# Wasserstein Distance between Empirical Measures

`wasserstein.Rd`

Given two empirical measures \(\mu, \nu\) consisting of \(M\) and \(N\) observations on \(\mathcal{X}\), \(p\)-Wasserstein distance for \(p\geq 1\) between two empirical measures is defined as $$\mathcal{W}_p (\mu, \nu) = \left( \inf_{\gamma \in \Gamma(\mu, \nu)} \int_{\mathcal{X}\times \mathcal{X}} d(x,y)^p d \gamma(x,y) \right)^{1/p}$$ where \(\Gamma(\mu, \nu)\) denotes the collection of all measures/couplings on \(\mathcal{X}\times \mathcal{X}\) whose marginals are \(\mu\) and \(\nu\) on the first and second factors, respectively. Please see the section for detailed description on the usage of the function.

## Arguments

- X
an \((M\times P)\) matrix of row observations.

- Y
an \((N\times P)\) matrix of row observations.

- p
an exponent for the order of the distance (default: 2).

- wx
a length-\(M\) marginal density that sums to \(1\). If

`NULL`

(default), uniform weight is set.- wy
a length-\(N\) marginal density that sums to \(1\). If

`NULL`

(default), uniform weight is set.- D
an \((M\times N)\) distance matrix \(d(x_m, y_n)\) between two sets of observations.

## Value

a named list containing

- distance
\(\mathcal{W}_p\) distance value.

- plan
an \((M\times N)\) nonnegative matrix for the optimal transport plan.

## Using `wasserstein()`

function

We assume empirical measures are defined on the Euclidean space \(\mathcal{X}=\mathbf{R}^d\),
$$\mu = \sum_{m=1}^M \mu_m \delta_{X_m}\quad\textrm{and}\quad \nu = \sum_{n=1}^N \nu_n \delta_{Y_n}$$
and the distance metric used here is standard Euclidean norm \(d(x,y) = \|x-y\|\). Here, the
marginals \((\mu_1,\mu_2,\ldots,\mu_M)\) and \((\nu_1,\nu_2,\ldots,\nu_N)\) correspond to
`wx`

and `wy`

, respectively.

## Using `wassersteinD()`

function

If other distance measures or underlying spaces are one's interests, we have an option for users to provide
a distance matrix `D`

rather than vectors, where
$$D := D_{M\times N} = d(X_m, Y_n)$$
for flexible modeling.

## References

Peyré G, Cuturi M (2019).
“Computational Optimal Transport: With Applications to Data Science.”
*Foundations and Trends® in Machine Learning*, **11**(5-6), 355--607.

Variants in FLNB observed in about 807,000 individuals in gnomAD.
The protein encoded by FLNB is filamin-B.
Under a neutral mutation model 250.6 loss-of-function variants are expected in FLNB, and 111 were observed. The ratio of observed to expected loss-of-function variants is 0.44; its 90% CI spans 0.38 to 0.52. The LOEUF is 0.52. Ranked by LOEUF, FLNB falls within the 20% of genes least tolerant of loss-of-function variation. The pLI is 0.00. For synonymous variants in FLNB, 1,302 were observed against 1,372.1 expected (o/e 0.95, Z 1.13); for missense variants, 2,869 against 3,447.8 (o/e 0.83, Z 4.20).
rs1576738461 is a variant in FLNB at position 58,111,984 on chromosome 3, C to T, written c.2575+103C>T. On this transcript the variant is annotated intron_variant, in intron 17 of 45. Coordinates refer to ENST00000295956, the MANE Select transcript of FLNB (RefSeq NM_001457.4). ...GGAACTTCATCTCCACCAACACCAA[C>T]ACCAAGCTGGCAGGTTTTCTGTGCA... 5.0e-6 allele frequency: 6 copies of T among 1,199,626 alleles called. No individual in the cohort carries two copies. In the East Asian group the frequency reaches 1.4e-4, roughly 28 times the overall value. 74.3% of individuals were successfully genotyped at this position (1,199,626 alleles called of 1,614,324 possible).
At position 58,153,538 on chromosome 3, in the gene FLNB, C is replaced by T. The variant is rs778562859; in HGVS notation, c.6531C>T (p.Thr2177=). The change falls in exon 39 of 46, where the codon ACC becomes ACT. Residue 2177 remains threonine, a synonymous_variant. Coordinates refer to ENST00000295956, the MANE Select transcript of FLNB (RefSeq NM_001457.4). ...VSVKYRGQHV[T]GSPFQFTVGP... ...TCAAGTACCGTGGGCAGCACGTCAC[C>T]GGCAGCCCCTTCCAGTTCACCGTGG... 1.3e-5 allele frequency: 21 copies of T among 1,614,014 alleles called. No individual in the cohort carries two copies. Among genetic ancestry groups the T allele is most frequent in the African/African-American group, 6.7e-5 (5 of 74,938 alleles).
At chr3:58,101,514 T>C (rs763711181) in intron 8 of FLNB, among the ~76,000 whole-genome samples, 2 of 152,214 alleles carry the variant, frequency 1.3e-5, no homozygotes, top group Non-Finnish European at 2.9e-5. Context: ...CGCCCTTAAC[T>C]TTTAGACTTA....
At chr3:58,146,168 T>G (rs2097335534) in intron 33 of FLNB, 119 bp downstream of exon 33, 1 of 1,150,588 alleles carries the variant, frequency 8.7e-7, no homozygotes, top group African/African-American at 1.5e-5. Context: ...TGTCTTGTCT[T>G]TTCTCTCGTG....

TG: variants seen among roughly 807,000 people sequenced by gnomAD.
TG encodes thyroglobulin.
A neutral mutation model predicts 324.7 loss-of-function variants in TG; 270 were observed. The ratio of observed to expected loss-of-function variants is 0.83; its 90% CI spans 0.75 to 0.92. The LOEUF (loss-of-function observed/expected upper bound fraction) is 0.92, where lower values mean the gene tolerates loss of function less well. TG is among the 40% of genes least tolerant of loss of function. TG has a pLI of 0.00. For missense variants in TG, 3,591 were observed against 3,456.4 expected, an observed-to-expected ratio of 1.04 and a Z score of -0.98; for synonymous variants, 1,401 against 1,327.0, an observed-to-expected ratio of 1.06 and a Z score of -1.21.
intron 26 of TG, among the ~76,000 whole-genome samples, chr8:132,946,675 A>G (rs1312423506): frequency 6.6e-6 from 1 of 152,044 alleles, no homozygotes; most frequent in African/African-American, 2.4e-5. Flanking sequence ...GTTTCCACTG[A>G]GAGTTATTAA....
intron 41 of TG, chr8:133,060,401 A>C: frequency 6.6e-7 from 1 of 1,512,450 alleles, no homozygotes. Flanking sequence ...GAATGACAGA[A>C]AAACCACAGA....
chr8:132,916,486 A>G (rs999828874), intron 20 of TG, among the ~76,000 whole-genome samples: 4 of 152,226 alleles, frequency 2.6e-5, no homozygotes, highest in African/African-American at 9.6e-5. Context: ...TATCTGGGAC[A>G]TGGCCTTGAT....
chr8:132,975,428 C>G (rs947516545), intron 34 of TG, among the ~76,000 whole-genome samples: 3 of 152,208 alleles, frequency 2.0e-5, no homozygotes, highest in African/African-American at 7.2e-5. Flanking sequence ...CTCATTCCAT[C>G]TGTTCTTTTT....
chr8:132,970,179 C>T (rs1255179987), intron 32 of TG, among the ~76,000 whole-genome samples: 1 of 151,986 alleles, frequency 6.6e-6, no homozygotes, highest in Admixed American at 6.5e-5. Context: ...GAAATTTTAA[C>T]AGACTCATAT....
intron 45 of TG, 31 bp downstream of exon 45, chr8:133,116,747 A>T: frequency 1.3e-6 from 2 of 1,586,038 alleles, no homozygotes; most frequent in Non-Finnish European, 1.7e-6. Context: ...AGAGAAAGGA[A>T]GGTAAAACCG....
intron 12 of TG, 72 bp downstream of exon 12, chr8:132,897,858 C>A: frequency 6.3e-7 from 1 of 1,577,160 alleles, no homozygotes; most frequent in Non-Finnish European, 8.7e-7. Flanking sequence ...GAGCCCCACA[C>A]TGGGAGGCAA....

ISSN 1935-8237, 1935-8245.

## Examples

```
#-------------------------------------------------------------------
# Wasserstein Distance between Samples from Two Bivariate Normal
#
# * class 1 : samples from Gaussian with mean=(-1, -1)
# * class 2 : samples from Gaussian with mean=(+1, +1)
#-------------------------------------------------------------------
## SMALL EXAMPLE
m = 20
n = 10
X = matrix(rnorm(m*2, mean=-1),ncol=2) # m obs. for X
Y = matrix(rnorm(n*2, mean=+1),ncol=2) # n obs. for Y
## COMPUTE WITH DIFFERENT ORDERS
out1 = wasserstein(X, Y, p=1)
out2 = wasserstein(X, Y, p=2)
out5 = wasserstein(X, Y, p=5)
## VISUALIZE : SHOW THE PLAN AND DISTANCE
pm1 = paste0("plan p=1; distance=",round(out1$distance,2))
pm2 = paste0("plan p=2; distance=",round(out2$distance,2))
pm5 = paste0("plan p=5; distance=",round(out5$distance,2))
opar <- par(no.readonly=TRUE)
par(mfrow=c(1,3))
image(out1$plan, axes=FALSE, main=pm1)
image(out2$plan, axes=FALSE, main=pm2)
image(out5$plan, axes=FALSE, main=pm5)
par(opar)
if (FALSE) {
## COMPARE WITH ANALYTIC RESULTS
# For two Gaussians with same covariance, their
# 2-Wasserstein distance is known so let's compare !
niter = 1000 # number of iterations
vdist = rep(0,niter)
for (i in 1:niter){
mm = sample(30:50, 1)
nn = sample(30:50, 1)
X = matrix(rnorm(mm*2, mean=-1),ncol=2)
Y = matrix(rnorm(nn*2, mean=+1),ncol=2)
vdist[i] = wasserstein(X, Y, p=2)$distance
if (i%%10 == 0){
print(paste0("iteration ",i,"/", niter," complete."))
}
}
# Visualize
opar <- par(no.readonly=TRUE)
hist(vdist, main="Monte Carlo Simulation")
abline(v=sqrt(8), lwd=2, col="red")
par(opar)
}
```